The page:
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An excerpt from www.HouseOfNames.com archives copyright 2000 - 2017


The name Lofedend reached English shores for the first time with the ancestors of the Lofedend family as they migrated following the Norman Conquest of 1066. The name Lofedend is based on the Old English given name Loveday and the Old English given name Leofdoeg, which is composed of the elements leof, which means dear or beloved, and doeg, which means day. This name was also a nickname for a person who had an association with a loveday which, according to medieval custom, a loveday was a day set aside for reconciliation and settlement of disputes or feuds.

Lofedend Early Origins



The surname Lofedend was first found in Oxfordshire where they held a family seat from very early times and were granted lands by Duke William of Normandy, their liege Lord, for their distinguished assistance at the Battle of Hastings in 1066 A.D.

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Lofedend Spelling Variations


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Lofedend Spelling Variations



The English language only became standardized in the last few centuries. For that reason, spelling variations are common among many Anglo-Norman names. The shape of the English language was frequently changed with the introduction of elements of Norman French, Latin, and other European languages; even the spelling of literate people's names were subsequently modified. Lofedend has been recorded under many different variations, including Loveday, Loveden, Lovedon and others.

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Lofedend Early History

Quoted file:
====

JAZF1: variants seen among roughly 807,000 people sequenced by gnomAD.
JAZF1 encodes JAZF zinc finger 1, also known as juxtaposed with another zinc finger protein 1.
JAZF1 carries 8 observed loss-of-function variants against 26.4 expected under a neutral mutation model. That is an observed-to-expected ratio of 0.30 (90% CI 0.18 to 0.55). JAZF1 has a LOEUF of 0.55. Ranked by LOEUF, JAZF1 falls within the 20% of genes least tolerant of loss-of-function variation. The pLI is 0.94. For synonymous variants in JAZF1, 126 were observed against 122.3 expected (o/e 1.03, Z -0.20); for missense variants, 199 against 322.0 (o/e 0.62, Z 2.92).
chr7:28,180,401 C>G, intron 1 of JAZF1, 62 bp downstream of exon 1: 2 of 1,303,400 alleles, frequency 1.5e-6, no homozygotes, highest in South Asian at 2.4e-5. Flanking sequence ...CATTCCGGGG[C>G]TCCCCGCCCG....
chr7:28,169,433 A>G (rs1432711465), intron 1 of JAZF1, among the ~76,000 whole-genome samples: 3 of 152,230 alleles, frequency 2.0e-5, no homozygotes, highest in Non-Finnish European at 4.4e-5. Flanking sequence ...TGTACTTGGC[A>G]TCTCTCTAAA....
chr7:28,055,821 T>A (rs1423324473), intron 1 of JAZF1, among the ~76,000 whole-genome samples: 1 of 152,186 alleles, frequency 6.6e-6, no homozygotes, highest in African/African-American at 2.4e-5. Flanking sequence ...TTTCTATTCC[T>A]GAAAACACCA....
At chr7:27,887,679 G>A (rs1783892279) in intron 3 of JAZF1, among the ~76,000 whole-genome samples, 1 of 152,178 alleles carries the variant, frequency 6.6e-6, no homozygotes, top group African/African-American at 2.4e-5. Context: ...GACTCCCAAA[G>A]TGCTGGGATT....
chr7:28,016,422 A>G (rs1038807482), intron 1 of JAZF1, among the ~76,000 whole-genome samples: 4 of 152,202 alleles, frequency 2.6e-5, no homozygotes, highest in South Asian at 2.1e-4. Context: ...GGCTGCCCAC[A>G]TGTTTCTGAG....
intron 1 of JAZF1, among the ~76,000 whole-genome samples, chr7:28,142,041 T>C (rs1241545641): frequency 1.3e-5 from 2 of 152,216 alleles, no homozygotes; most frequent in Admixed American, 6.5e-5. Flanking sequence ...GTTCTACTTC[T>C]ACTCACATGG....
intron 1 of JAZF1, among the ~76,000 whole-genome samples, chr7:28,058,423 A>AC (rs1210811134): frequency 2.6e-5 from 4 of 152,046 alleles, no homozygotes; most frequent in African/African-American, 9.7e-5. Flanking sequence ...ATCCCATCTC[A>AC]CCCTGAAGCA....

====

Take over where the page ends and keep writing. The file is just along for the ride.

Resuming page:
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Lofedend Early History



This web page shows only a small excerpt of our Lofedend research. Another 139 words (10 lines of text) covering the years 1513, 1558, 1553, 1554, 1546, 1547, 1555 and 1556 are included under the topic Early Lofedend History in all our PDF Extended History products and printed products wherever possible.

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Lofedend Early Notables (pre 1700)


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Lofedend Early Notables (pre 1700)



Another 29 words (2 lines of text) are included under the topic Early Lofedend Notables in all our PDF Extended History products and printed products wherever possible.

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The Great Migration


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The Great Migration



To escape the uncertainty of the political and religious uncertainty found in England, many English families boarded ships at great expense to sail for the colonies held by Britain. The passages were expensive, though, and the boats were unsafe, overcrowded, and ridden with disease. Those who were hardy and lucky enough to make the passage intact were rewarded with land, opportunity, and social environment less prone to religious and political persecution. Many of these families went on to be important contributors to the young nations of Canada and the United States where they settled. Lofedends were some of the first of the immigrants to arrive in North America: Thomas Loveday, who settled in Barbados in 1686; Francis Loveday settled in Virginia in 1653; Joseph Loveday settled in New England in 1772; Mary Loveday settled in Maryland in 1772..